Right you are Cokie
Right you are Cokie
Here are my thoughts:
Why upgrade to Windows 8 to make it run like Windows 7? Easy. Windows 8 runs faster, uses less resources, and is more secure.
While I do agree Microsoft has made a few missteps with Windows 8 (removing the Start button, auto pinning installs to Metro) both are easy to deal with. I bought Start8 to get the Start button back, and for those that argue you shouldn't have to buy it I ask, "Do you spend $5 on a coffee from Starbucks, or a value meal from McDonald's? If so, you can poney up the $5 for a piece of software you'll use daily vs a drink or meal that you'll be done with in 30 min." As for the auto pinning of Metro, I just go in and unpin them. Takes 5 sec.
Touch has no business being on desktop. Then don't use touch, and don't use Metro. Simple. While I partially agree touch in its current state really doesn't work on desktop, primarily because I don't want to get fingerprints all over my monitor, a really interesting 3rd party solution is coming out next year. And, if it does well, perhaps other developers will start including them in laptops or on keyboards. That magical device? Leap Motion.
I think folks are missing the point.
So much talk of the individual superficial points.
The real problem is the removal of choice.
It goes much deeper than many people realise.
Even those who quite like the little squares, etc, I would hope will tell MS this is not the way to do it.
We are the customers- we want it to be "our pc".
I am disappointed that so few understand what is going on.
I expected more from computer forum regulars.
And if they didn't push us to the next thing nothing would ever change, because as we get older we get comfortable and set in our ways. If they didn't change we'd still be using DOS or Windows 3.1, and I remind you both caused ripples as well. I suspect as new hardware comes out to take advantage of Windows 8, and that hardware becomes the norm, people will start to appreciate the direction Microsoft is going.
Removing start for 8 was the right thing to do.
I just returned from Best Buy a few minutes ago, and overheard, and watched a couple of people looking at 8 demo models. They asked the salesperson if they could buy one with 8 now, ... the salesperson said they would have to wait for Oct 26. The interested people said, ok, we will return later when we can buy one with 8 on it. Probably just an anomaly...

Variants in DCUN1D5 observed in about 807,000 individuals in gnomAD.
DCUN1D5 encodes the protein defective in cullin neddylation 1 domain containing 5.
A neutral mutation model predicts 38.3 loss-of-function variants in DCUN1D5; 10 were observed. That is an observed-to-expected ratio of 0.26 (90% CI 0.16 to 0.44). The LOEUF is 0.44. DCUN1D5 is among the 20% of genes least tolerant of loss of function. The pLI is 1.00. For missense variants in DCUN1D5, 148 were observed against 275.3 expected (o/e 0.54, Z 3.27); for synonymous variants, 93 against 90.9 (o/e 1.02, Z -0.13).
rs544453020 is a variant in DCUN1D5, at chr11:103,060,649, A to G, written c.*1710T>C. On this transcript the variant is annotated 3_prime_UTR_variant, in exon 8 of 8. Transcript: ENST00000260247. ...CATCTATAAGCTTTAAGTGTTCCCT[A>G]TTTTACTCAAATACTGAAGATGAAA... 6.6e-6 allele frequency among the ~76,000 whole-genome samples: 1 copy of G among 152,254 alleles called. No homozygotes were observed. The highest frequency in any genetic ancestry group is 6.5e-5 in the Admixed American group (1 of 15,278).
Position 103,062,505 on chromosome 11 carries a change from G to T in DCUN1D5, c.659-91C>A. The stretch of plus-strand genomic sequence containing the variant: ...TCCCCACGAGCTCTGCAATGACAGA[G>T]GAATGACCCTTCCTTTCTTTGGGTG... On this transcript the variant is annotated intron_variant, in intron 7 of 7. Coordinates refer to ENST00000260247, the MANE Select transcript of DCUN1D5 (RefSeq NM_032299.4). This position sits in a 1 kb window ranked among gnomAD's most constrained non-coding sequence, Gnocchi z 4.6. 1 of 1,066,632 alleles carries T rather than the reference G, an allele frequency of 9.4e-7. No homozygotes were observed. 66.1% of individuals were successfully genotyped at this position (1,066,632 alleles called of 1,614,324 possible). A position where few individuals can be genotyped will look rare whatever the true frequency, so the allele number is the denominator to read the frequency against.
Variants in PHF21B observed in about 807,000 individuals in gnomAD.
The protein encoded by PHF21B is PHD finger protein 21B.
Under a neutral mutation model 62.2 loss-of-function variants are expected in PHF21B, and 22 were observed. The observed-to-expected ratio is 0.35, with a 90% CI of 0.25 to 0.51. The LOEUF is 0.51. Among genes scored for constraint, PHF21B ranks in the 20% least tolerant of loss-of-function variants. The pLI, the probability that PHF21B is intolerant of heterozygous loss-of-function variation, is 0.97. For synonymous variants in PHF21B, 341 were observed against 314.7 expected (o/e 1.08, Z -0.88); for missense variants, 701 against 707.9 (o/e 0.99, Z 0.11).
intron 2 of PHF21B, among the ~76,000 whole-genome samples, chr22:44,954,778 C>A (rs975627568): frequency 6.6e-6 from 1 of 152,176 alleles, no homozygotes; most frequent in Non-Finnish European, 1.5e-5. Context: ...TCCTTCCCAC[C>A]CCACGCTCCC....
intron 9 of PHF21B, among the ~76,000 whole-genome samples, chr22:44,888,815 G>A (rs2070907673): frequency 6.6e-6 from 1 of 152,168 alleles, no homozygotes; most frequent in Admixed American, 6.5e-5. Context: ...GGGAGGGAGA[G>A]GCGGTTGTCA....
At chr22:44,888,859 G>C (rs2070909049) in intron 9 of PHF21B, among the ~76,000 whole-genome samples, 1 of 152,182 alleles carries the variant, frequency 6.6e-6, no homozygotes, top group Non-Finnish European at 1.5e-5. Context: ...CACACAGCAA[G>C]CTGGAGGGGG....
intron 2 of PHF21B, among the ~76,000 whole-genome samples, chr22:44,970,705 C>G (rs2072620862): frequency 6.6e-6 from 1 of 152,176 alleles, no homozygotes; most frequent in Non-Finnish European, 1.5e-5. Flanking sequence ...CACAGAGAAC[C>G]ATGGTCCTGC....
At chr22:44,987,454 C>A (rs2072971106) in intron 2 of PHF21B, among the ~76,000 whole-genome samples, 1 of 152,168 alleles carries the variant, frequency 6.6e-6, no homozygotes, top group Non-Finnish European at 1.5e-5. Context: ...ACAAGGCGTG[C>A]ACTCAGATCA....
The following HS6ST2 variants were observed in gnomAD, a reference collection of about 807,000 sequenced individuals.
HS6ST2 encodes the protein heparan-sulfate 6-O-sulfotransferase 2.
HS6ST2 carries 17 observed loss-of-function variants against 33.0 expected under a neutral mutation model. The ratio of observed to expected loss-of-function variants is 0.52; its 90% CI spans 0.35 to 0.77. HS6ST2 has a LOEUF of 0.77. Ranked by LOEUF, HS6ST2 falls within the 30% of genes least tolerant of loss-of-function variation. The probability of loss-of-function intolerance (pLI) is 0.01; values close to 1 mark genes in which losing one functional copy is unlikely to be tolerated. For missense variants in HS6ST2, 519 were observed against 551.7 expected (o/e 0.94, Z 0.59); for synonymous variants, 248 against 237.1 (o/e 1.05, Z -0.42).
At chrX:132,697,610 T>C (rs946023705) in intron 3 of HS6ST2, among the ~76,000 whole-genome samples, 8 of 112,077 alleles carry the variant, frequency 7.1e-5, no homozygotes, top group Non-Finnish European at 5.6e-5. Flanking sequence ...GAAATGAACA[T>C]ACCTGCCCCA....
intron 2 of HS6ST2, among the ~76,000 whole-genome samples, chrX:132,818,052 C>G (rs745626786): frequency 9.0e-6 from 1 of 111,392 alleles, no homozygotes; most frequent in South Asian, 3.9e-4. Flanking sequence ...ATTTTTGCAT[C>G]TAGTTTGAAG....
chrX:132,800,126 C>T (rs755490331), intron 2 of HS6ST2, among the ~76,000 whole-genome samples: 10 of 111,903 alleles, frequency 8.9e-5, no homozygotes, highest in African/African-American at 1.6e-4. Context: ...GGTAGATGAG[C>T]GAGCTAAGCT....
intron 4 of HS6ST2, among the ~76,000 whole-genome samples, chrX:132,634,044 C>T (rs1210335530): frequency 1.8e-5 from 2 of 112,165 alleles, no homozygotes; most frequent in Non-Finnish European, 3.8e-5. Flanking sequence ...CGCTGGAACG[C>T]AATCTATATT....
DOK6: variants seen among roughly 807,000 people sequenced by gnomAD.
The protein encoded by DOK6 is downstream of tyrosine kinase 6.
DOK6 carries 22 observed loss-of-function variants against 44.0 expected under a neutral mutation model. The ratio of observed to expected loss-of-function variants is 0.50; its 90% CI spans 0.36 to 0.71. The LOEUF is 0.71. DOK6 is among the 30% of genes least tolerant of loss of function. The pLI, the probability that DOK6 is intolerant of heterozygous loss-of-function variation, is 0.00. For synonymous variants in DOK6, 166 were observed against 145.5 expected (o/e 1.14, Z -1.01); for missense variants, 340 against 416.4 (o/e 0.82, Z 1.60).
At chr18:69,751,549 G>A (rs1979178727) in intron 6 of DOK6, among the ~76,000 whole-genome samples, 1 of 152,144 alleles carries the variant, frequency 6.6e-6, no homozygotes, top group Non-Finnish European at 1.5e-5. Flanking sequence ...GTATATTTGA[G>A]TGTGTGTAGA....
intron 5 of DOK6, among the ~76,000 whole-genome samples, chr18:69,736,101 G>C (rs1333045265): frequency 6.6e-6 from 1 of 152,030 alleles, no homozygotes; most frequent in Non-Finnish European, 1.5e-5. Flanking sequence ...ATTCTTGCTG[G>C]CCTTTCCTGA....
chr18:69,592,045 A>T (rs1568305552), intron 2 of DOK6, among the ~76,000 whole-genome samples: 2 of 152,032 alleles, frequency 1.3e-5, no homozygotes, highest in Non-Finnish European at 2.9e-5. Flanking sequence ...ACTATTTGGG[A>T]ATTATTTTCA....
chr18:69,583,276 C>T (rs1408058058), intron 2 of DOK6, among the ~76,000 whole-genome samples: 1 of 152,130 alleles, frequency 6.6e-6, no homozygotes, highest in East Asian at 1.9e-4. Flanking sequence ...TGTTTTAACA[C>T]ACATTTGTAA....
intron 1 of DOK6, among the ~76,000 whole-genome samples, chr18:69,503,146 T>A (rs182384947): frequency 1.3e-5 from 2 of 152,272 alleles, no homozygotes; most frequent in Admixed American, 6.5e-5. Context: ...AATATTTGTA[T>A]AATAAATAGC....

It's really simple. A start menu can be alpha/numeric or tiles. Some persons prefer tiles, others alpha/numeric.
And while it is true that the original W7 start orb and menu can be added to the desk top via a hack; the question is, when it's so simple to add the orb start menu, what did MS hope to gain by omitting it?
It was no skin off their nose to leave it, so why force the persons who prefer a traditional menu to either use a smartfone/tablet menu or use a hack? Were they deliberately trying to disenchant a significant section of their customers?
In all desktop folders under 'View', they offer a choice of list, icons, tiles, etc. So why not offer a 'list' option for a start menu? Why this lack of choice on desktop?
OK, let's run with the car analogy.
20 years from now the polar caps melt and 50% of the land is covered with water (great idea for a movie, BTW). There is a great need for amphibious vehicles. It is a growing market, as opposed of land-only cars, which most people already have. So the car companies focus primarily on that. And to save costs they build all the vehicles on the same platform. We'll end up with land cars that have rudders, you have to climb up the stairs to get aboard, and you can't go faster than 35 knots (yes, the speedometer is in knots). Is it the right choice for the company? Most likely - they save money by reusing the same technology. Will the consumers be happy? Most likely not. They turn to other alternative manufacturers (Ubunda, Hunix, etc)
Crafty developers will see an opportunity.
A coworker of mine, jumped in head first at work, used his MSDN account and upgraded his Windows 7 Enterprise machine to Windows 8 Enterprise. He's been running it like this since last week.
He said, and I quote ("replacing a few expletives with freak)
"I will say. The search functionality is freaking AMAZING.
Type a phrase, then click the app you want to search with
Protip: Windows+C = Charms Bar
Saves freakassing around with corners.
At the end of the day though
That tiled interface is freaking horrible for desktops.
Windows 8 is going to tank
For anything but tablets.
Eventually people will realize that tablets are garbage for "real" computing though"
On the other hand it costs nothing to include it, and everything to gain. And not only in increased sales, but also it fosters goodwill if nothing else. And with the market economy the way it is, who can't use some extra goodwill?
So the question becomes: What could they possibly hope to gain by omitting something that costs you nothing to include, and which could potentially cost you sales and foster badwill? It just don't compute, if you'll pardon the pun!
Last edited by Mustang; 18 Oct 2012 at 13:04.